Top 5 Moments MTA Went Overboard
The Metropolitan Transit Authority gets a bad wrap from New Yorkers for being incompetent, dysfunctional, and money grabbing.
And I’m here to tell you that they are absolutely right. These Transportation-Centric lunatics run this asylum and are willing to grab you by the scrote (or ovaries, everyone is equally screwed) to get a dime off of you, to inconvenience you, or get a laugh off of you, because life is inherently meaningless and God plays all of us like puppets.
But there are times in which even we, everyday city slickers, are perplexed by some of their antics. Yes, there are some things or events that arise when the question mark that pops up above our heads is left unanswered. These are the Top 5 Moments when the MTA lost their marbles.
5. 2010 Blizzard
On the 26th and 27th of December, New York City was hit with a massive snowstorm which not only left over two feet of snow on the streets, but froze the Transit services buses and trains. More than a dozen subway lines were suspended from service. The Long Island Rail and Metro North was not moving (the Metro North cancellation was doubly botched up cause FOUR trains were stuck between 125th Harlem and Mott Haven dude). However the main focus, the hot uncomfortable core of this clusterfuck was the A train. Hundreds of incredibly unlucky folk were caught in one A train throughout the whole night while the snowstorm raged! That’s 7 hours in a closed space. I would be making plans on who to sacrifice by the 2nd hour.
The MTA’s response was, how do I put it, very not good. They did attempt to get a hold of those A train passengers, but still did not have a good plan B when it came to this massive power loss. It was cray.
In a press release, the service stated that due to this unprecedented weather conditions, the subway system was crippled and they have updated safety guidelines and procedures since then, like establishing situation rooms and appointing an Emergency coordinator to handle future disasters.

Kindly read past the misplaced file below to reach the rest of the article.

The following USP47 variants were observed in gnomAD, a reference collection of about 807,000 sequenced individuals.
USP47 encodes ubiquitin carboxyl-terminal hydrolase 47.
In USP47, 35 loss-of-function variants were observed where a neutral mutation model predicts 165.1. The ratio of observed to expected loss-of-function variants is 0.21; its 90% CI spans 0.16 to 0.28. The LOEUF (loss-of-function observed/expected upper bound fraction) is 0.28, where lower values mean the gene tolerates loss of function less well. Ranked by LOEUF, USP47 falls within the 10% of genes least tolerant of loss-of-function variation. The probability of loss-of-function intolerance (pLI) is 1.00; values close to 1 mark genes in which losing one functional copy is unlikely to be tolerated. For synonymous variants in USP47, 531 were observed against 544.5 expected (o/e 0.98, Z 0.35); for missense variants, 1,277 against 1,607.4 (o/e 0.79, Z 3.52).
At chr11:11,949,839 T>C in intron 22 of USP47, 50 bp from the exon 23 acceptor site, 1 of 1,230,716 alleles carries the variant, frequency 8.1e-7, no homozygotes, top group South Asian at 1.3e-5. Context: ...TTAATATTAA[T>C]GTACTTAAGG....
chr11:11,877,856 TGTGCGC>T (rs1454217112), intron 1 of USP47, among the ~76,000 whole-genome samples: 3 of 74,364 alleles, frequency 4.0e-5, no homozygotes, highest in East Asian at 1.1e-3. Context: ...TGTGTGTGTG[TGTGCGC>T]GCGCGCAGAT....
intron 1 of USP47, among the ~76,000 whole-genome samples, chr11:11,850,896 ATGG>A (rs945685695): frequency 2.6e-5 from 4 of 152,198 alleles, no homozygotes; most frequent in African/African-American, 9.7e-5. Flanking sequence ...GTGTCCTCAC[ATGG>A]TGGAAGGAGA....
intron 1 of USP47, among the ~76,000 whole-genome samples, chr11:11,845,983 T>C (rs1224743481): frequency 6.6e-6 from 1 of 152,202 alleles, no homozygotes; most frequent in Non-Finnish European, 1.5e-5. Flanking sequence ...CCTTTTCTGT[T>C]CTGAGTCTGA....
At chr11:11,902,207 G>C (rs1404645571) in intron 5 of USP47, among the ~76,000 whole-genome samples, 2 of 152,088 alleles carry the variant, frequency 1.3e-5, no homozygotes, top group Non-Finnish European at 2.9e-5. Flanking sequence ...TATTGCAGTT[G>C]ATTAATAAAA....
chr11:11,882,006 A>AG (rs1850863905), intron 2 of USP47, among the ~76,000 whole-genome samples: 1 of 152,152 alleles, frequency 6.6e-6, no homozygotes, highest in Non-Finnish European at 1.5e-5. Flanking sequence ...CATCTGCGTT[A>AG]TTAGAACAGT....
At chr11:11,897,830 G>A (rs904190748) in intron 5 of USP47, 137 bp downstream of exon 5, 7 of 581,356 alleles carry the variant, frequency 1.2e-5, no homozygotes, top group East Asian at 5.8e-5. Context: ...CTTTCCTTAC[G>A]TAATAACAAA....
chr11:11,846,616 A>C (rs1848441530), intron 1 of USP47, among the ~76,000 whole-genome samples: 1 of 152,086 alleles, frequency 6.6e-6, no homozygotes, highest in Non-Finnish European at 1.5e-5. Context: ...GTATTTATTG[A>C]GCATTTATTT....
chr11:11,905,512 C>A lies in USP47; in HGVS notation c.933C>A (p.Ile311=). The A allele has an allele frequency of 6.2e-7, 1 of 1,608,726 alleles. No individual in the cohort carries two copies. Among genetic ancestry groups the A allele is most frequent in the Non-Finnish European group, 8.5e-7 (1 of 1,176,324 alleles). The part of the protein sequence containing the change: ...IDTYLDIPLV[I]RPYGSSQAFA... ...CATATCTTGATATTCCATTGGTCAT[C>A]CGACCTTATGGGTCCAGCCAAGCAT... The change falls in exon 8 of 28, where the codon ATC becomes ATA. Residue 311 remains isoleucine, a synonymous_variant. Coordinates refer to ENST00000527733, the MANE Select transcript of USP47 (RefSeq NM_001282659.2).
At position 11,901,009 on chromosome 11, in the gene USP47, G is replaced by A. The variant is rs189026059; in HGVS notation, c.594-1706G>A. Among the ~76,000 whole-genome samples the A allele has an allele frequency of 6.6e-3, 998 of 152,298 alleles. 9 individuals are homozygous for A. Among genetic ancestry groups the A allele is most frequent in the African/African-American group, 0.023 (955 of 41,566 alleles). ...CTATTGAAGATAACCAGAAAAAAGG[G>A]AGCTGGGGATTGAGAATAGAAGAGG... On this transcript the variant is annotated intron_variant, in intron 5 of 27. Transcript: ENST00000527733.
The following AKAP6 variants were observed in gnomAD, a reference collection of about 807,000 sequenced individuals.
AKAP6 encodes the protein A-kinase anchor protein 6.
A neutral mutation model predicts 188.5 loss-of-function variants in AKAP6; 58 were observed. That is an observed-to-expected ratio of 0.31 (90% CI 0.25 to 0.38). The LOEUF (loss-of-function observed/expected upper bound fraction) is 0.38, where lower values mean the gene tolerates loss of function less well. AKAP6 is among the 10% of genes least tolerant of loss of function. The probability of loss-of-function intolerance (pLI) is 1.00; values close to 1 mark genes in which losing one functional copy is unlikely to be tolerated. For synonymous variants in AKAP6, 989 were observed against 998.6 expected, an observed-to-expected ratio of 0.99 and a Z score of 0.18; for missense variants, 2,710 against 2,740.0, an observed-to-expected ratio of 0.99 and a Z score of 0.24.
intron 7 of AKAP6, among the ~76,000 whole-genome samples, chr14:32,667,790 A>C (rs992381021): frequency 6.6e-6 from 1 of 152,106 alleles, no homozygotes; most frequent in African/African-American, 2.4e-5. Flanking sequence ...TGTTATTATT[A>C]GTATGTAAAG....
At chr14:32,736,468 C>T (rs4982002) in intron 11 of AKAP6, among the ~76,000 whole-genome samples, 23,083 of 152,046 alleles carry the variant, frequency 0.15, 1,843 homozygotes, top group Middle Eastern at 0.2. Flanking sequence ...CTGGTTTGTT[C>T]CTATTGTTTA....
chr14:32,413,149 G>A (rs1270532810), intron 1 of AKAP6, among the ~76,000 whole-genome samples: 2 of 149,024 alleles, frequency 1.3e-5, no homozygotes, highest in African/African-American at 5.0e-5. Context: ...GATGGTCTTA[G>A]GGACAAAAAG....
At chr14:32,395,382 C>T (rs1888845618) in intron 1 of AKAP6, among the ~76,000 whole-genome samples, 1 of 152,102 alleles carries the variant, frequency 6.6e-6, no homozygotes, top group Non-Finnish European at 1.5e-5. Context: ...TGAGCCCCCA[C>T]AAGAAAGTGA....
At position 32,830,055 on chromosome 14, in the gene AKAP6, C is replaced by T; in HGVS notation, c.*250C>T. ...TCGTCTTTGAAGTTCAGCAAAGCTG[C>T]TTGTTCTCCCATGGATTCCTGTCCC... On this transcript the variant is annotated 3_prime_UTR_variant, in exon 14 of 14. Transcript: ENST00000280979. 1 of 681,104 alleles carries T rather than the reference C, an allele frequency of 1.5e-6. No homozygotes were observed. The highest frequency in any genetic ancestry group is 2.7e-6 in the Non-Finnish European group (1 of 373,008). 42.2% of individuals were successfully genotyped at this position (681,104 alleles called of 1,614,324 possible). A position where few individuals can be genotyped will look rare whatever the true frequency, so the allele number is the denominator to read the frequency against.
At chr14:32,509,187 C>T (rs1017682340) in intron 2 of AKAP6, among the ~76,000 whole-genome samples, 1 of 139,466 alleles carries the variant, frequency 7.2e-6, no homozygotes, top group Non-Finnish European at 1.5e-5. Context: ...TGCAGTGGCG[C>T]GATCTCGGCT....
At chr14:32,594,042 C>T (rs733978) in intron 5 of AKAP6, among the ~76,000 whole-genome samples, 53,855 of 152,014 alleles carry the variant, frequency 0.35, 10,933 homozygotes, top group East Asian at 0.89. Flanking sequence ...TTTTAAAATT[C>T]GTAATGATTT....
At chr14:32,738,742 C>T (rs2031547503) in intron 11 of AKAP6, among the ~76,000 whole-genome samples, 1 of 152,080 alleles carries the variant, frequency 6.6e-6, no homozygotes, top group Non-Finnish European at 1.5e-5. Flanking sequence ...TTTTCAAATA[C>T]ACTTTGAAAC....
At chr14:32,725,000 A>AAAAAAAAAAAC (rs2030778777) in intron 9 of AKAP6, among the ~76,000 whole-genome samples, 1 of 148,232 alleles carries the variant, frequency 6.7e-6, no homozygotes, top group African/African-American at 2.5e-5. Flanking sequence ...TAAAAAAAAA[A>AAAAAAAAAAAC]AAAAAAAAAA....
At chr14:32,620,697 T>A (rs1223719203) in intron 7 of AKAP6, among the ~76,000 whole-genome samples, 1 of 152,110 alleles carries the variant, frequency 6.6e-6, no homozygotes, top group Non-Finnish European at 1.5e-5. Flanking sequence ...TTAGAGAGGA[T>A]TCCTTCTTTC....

Although I’m fairly confident that they don’t use these rooms anymore given how ABSURD the L is.
4. MTA $2.75 Hike
This fare hike is ridiculous. Since the massive budget cuts in 2009 and 2010, the fare hike has been rapidly increasing, and when the MTA board voted to increase the fare to $2.75 on January 22,2015 it served as a reminder to plenty of train and bus riders that New York City is slowly but surely turning into a modern Palace of Versailles (some would argue that it already is, but don’t mind those people, they have their heads screwed on straight).
Thomas F. Pendergast, chairman of the authority’s excuse for the raise was that there needed to be enough funding to balance the budget of rising service. Did I mention he also called the cost modest?
Hey mate, when there are folks barely scraping by when rent costs an arm, leg, and possibly your whole Matryosha doll collection (a collection that should be awed and praised at the highest of standards), the hike does not help. It only makes me wish even more that the Earth will collide into the sun faster.
3. 2005 MTA Transit Strike